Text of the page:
In current usage, disinterested is used to mean 'impartial'--the approved sense--a majority of the time; reports of its death have been exaggerated. But the use of it to mean 'not interested' is certainly common. There are other subtleties in the use of disinterested that we don't have room to discuss; suffice it to say that disputed uses are common and show a greater range of meaning than the simple definition 'not interested' suggests. I would recommend, though, that you be aware of the depth of modern hatred of the 'not interested' sense in addition to the 'impartial' sense, and use the former with caution. (emphasis mine)

The two words originally meant the opposite, 'Disinterested' meaning 'not interested' and 'uninterested' meaning 'impartial', but this changed in the late eighteenth century. And in another hundred years, they'll probably have changed back, or they will be exact synonyms. Right now, they are not. Language is constantly changing, and I am not one of those who insists on some 'perfect version' of the language - I know that doesn't exist.

How on earth did we get onto this? :-s

Melusine
2005-Jun-08, 01:01 PM
Again, read the Google page articles.
http://www.google.com/search?hl=en&lr=&q=Bush+disinterested+in+politics+ at+college

Bush was disinterested in politics or history in college. He was apathetic and indifferent to the Vietnam War, the protests, etc. He partied, he was indifferent, didn't take any sides, though he now says he supported the Vietnam War. BTW, his mother publicly said he was "not the brightest bulb in the bunch," or something close enough to that. But the fact is, Bush never took any kind of stand in politics at that particular age while he was at Yale.

This page of Google has more about this: http://www.google.com/search?hl=en&lr=&q=william+safire+disinterested

I would never say, "He is disinterested in seeing the Stars Wars movie." That should be uninterested. We are hardly alone in this particular word debate it appears, but it's probably boring everybody to tears, so I'll jut say I stand by my use of it, I backed it up, and I have to go to work. :lol: But I really appreciate your persistence-- :D

Donnie B.
2005-Jun-08, 06:22 PM
As a disinterested party in this debate, I confess to being uninterested.

Gillianren
2005-Jun-08, 06:36 PM
well, at least the debate moved away from politics instead of toward them, right?

don't know how much of an authority either of you consider William Safire, Melusine and EvilBob, but he's a stickler for disinterested=impartial. I'm pretty sure Strunk & White come down on that side, too. (yes, once again, I'm too lazy to go into the other room for my copy.)

I also have to agree that the OED is the ultimate standard, and that the OED is--not clearly, perhaps--coming down on the side of disinterested=impartial. however, politics is fairly unique in that to be uninterested rather tends to make you disinterested.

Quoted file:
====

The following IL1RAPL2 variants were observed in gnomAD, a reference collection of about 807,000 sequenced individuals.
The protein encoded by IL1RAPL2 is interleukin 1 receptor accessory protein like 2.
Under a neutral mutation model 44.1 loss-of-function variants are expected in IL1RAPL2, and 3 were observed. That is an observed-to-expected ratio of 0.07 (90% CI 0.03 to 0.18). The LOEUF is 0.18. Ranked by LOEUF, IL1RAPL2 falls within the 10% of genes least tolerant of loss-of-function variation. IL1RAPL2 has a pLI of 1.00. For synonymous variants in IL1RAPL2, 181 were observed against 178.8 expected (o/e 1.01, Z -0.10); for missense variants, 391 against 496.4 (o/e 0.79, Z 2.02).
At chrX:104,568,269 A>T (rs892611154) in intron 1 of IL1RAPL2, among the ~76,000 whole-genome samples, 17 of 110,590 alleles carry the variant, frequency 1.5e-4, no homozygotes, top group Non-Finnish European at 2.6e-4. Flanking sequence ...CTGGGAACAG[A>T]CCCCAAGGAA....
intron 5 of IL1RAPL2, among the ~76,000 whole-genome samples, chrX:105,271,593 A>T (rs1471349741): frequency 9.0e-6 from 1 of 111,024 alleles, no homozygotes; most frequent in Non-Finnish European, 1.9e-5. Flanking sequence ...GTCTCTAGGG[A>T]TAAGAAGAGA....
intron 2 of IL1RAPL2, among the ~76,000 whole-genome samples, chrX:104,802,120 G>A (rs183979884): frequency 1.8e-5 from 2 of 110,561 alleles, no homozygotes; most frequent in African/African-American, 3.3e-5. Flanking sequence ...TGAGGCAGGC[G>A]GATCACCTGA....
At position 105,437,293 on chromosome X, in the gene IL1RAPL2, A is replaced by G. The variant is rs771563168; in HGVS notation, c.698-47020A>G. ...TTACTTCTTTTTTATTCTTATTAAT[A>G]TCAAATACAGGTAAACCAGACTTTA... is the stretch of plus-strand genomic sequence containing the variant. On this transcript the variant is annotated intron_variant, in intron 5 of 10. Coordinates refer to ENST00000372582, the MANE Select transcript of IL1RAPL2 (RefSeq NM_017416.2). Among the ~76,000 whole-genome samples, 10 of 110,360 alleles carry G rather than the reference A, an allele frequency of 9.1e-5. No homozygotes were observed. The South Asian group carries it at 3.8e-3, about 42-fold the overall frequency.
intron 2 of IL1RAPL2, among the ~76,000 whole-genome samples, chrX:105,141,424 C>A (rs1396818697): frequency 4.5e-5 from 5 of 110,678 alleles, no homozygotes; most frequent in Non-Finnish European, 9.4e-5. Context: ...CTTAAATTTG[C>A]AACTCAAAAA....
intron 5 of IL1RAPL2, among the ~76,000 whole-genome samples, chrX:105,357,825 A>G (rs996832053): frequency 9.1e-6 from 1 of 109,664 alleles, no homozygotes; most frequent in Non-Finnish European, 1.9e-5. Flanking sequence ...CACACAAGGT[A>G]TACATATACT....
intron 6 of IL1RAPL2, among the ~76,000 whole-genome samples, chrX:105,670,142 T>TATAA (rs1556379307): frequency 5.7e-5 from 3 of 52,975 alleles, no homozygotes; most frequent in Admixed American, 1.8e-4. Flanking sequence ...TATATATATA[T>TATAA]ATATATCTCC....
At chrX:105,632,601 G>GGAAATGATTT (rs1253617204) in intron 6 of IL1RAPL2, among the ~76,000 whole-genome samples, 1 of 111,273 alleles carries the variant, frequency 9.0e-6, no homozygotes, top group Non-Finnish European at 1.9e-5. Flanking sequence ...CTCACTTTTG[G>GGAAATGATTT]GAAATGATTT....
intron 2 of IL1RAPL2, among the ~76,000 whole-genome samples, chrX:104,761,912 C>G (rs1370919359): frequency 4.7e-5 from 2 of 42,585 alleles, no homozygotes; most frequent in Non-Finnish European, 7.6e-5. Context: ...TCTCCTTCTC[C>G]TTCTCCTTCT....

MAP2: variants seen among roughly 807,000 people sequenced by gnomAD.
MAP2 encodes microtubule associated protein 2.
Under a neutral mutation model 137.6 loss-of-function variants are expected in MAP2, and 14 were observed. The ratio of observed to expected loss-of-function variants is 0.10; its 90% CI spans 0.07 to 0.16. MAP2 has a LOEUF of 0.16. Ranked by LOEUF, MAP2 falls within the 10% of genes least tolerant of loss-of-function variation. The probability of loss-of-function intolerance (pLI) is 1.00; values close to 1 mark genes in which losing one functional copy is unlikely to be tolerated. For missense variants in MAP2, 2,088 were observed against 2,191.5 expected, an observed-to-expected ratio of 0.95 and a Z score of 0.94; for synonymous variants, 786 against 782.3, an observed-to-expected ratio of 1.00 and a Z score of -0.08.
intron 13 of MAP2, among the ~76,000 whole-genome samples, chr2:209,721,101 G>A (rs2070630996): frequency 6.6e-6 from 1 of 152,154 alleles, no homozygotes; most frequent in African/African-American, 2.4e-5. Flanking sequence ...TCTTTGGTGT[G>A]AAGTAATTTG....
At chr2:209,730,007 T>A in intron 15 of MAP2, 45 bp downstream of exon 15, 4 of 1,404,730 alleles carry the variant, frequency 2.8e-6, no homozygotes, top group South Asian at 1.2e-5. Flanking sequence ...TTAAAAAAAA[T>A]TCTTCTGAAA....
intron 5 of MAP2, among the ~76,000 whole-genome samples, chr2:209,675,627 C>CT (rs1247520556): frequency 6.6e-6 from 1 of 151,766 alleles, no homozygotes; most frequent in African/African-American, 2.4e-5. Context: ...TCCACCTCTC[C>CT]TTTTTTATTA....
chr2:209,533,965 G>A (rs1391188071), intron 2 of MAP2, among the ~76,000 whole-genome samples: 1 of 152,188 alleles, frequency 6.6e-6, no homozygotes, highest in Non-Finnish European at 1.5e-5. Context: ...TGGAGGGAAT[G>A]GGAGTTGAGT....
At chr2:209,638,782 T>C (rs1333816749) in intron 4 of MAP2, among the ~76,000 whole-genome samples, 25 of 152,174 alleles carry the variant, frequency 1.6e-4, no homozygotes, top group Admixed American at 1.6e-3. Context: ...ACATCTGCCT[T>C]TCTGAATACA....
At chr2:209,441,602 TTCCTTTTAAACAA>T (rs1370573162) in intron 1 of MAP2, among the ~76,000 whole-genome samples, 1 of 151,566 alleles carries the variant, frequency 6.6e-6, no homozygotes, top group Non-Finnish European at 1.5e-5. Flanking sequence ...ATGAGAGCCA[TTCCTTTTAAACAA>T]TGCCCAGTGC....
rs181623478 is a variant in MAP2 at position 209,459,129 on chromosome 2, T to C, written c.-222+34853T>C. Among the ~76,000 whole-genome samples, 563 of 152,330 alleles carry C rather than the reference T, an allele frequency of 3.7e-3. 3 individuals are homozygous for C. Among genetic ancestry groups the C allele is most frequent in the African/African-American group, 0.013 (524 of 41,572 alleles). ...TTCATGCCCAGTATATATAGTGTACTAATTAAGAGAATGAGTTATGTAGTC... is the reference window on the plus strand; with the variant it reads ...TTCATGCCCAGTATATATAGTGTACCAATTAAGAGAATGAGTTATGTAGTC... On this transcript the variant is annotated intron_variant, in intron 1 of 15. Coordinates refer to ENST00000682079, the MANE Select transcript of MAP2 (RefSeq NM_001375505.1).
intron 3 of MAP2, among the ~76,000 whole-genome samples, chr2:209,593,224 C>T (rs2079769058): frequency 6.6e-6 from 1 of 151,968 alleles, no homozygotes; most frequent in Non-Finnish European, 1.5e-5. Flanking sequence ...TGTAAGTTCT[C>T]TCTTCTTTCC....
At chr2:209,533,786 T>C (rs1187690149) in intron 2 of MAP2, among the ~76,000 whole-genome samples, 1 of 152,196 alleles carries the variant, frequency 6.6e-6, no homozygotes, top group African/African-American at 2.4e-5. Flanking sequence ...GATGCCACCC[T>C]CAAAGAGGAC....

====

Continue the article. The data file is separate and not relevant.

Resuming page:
Melusine
2005-Jun-08, 07:50 PM
I also have to agree that the OED is the ultimate standard, and that the OED is--not clearly, perhaps--coming down on the side of disinterested=impartial. however, politics is fairly unique in that to be uninterested rather tends to make you disinterested.
Why do you think the OED is the ultimate standard? I love the OED, read Winchester's books, "The Professor and the Madman," but the OED as other well-known dictionaries compiles their words on usage. That's how the OED was started--people writing words as used in texts on scraps of paper. Now, it's committees that decide on what words go in, or how their definitions should reflect usuage, modern or archaic. I don't hold the OED as the ultimate standard, though a very high one, any more than I hold some astronomy book as the ultimate standard for astronomy or what have you.

Anyway, there are more and more pages on this: :wink:


John Hindsill wrote:
A "disinterested" party used to be a neutral party, often used as a mediator or referee. When did a disinterested party become one who had no interest in a subject or activity? Example: "I am disinterested in studying a foreign language."
In fact, disinterested meant 'not interested' before it meant anything else, and even before uninterested meant 'not interested'.

The alleged distinction between distinterested and uninterested has been one of the major usage battles of the century, perhaps peaking in the 1980s, when the survey in the second edition of Harper's Dictionary of Contemporary Usage revealed that a full 100% of its usage panel observed the distinction.

This distinction is that disinterested, in many critics' opinion, should only be used in the sense 'impartial; unbiased', while uninterested should only be used in the sense 'not interested'. (In practical terms the only "error" is the use of disinterested to mean 'not interested'; uninterested is now extremely rare in the sense 'impartial'.) While seemingly straightforward, it, like so many usage battles, is at odds with both historical development and current practice.